Shabbat Tazria/Metzora: “The One Who is Ill Shall Be Separated from the Camp”

…and other surprisingly relevant aspects of ancient Jewish text in the days of COVID-19

In years past it has been tempting to dismiss this doubled parasha in VaYikra (Leviticus) as superstition at worst and outmoded at best. Because of the focus on skin disease, we laugh at “the dermatologists’ parsha” and wait for more uplifting examples of holiness and ethics in the chapters to come.

It’s a funny thing about ancient wisdom, though, how one day we are brought up against the fact that our human reality is, existentially, no different.

With only a few thousand years of human life between “the one with a strange and unknown infection showing on the skin” in the ancient Israelite camp and those of us with a strange and unknown infection of our own to fear, the parallels are striking:

  1. One is immediately quarantined, for a period of up to fourteen days. During the time of isolation one is followed by healthcare professionals
  2. One does not diagnose oneself
  3. One must not make light of the disease nor risk others’ health by not informing them
  4. The disease may be spread on surfaces
  5. The isolation lasts as long as there is a chance of contagion

The worst of it all, then and now, is the uncertainty. One may be seriously ill, or not, from the contagion; one may be isolated for a short period, or longer. 

Imagine the state of the one separated, for her good and ours, from the camp of the rest of us: the feelings of fear for one’s own future, compounded by the sense of guilt, wondering who else he may have infected. The boredom as the days go by; the second-guessing whether this is all really necessary. And the fear of death.

All this fear and uncertainty is magnified when we are alone with our thoughts; unlike a bad dream, we awake to the same lack of stability, the same worry that cannot be assuaged right now. It may be, tomorrow, but we cannot know today.

This is a terrifying time; but it is not grief, contrary to what you are being told by some opinion articles on line. Grief is existential loss; losing one’s high school graduation ceremony or one’s girls’ night out is difficult and disappointing. In the hierarchy of things, it ranks far below losing one’s job. And none of that compares to losing loved ones.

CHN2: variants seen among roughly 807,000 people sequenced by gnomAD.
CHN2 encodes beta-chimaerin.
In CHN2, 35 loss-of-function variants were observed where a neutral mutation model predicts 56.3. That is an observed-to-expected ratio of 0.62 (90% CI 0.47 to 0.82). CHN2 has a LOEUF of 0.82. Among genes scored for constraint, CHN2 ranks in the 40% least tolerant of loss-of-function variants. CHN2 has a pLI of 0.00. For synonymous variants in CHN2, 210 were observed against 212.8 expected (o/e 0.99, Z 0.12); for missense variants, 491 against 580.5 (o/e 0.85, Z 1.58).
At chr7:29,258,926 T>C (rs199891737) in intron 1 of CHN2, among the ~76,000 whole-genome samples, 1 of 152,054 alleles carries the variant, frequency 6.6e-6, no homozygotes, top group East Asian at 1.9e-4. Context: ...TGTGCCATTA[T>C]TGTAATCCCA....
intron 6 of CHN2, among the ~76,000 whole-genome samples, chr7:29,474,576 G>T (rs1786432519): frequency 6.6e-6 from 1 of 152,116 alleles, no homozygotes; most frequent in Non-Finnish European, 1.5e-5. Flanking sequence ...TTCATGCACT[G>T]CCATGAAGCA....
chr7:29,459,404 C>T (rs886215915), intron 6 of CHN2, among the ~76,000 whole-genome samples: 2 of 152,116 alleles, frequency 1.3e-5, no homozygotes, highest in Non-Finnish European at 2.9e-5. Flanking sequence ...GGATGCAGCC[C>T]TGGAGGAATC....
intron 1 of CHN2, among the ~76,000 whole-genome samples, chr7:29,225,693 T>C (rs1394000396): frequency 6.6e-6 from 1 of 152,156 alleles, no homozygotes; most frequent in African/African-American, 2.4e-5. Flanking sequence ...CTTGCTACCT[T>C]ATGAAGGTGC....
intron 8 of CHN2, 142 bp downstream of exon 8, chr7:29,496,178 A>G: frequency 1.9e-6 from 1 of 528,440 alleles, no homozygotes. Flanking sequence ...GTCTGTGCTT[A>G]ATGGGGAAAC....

We haven’t been taught this kind of hierarchy; many of us haven’t experienced this up close. We don’t have the vocabulary for our current experience close at hand. But our Jewish people does know this situation, and is familiar with it.

What we are experiencing is existential uncertainty.

This existential uncertainty is a terribly difficult condition for us all – especially for those who have not experienced anything like it before. Those who have known the way that poverty and prejudice can crush one’s plans have some wisdom to share, but those who have been accustomed to a comfortable sense of being able to enjoy planning a happy future are bereft.

The self is not meant to live in isolation. We are herd animals and we know who we are in relation to others with whom we live, and within groups where we feel safe. Of course, the safety and security was always an illusion, but it’s easy enough on a normal day to go shopping, or take a hike, or visit a friend to keep the fear below consciousness.

But now we are forced to face it. We have no way of knowing when this will be over, what the world will look like, or even if we will live to see it. In the meantime we Jews (and those who love us) know a tremendous blessing: our people has been here before. We know how one suffers existential fear and celebrates the holiness of life at the same time, without denying the truth of either reality. 

You may be feeling isolated. You may be feeling terrified. But you never need feel alone. You have a community, and opportunities to be in touch that will give you not only grounding, but help you develop the understanding, and perhaps even the wisdom, that only those who know the existential struggle, and its beauty, can know.

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